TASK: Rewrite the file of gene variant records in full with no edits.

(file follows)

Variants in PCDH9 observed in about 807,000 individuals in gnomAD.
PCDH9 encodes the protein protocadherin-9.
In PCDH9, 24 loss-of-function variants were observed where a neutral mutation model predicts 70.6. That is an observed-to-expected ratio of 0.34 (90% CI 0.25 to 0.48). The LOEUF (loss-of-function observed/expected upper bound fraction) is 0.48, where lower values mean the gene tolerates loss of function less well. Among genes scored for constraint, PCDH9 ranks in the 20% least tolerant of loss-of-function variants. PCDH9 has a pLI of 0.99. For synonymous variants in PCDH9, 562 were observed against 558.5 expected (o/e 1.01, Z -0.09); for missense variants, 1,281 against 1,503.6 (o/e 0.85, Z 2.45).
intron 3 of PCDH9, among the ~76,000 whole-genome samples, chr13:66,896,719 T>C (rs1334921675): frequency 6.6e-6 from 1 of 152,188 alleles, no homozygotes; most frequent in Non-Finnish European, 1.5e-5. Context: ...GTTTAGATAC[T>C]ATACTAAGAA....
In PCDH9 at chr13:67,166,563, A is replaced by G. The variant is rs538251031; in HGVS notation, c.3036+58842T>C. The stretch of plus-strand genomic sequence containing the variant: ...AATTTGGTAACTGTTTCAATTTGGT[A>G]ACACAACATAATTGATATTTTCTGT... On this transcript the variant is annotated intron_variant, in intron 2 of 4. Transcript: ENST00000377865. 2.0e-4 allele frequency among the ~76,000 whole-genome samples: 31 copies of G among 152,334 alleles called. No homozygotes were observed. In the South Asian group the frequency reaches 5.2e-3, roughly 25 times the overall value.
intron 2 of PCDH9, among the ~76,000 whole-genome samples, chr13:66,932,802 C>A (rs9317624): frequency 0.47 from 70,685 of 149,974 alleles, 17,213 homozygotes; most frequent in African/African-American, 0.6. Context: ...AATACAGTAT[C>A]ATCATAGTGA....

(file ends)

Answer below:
Variants in PCDH9 observed in about 807,000 individuals in gnomAD.
PCDH9 encodes the protein protocadherin-9.
In PCDH9, 24 loss-of-function variants were observed where a neutral mutation model predicts 70.6. That is an observed-to-expected ratio of 0.34 (90% CI 0.25 to 0.48). The LOEUF (loss-of-function observed/expected upper bound fraction) is 0.48, where lower values mean the gene tolerates loss of function less well. Among genes scored for constraint, PCDH9 ranks in the 20% least tolerant of loss-of-function variants. PCDH9 has a pLI of 0.99. For synonymous variants in PCDH9, 562 were observed against 558.5 expected (o/e 1.01, Z -0.09); for missense variants, 1,281 against 1,503.6 (o/e 0.85, Z 2.45).
intron 3 of PCDH9, among the ~76,000 whole-genome samples, chr13:66,896,719 T>C (rs1334921675): frequency 6.6e-6 from 1 of 152,188 alleles, no homozygotes; most frequent in Non-Finnish European, 1.5e-5. Context: ...GTTTAGATAC[T>C]ATACTAAGAA....
In PCDH9 at chr13:67,166,563, A is replaced by G. The variant is rs538251031; in HGVS notation, c.3036+58842T>C. The stretch of plus-strand genomic sequence containing the variant: ...AATTTGGTAACTGTTTCAATTTGGT[A>G]ACACAACATAATTGATATTTTCTGT... On this transcript the variant is annotated intron_variant, in intron 2 of 4. Transcript: ENST00000377865. 2.0e-4 allele frequency among the ~76,000 whole-genome samples: 31 copies of G among 152,334 alleles called. No homozygotes were observed. In the South Asian group the frequency reaches 5.2e-3, roughly 25 times the overall value.
intron 2 of PCDH9, among the ~76,000 whole-genome samples, chr13:66,932,802 C>A (rs9317624): frequency 0.47 from 70,685 of 149,974 alleles, 17,213 homozygotes; most frequent in African/African-American, 0.6. Context: ...AATACAGTAT[C>A]ATCATAGTGA....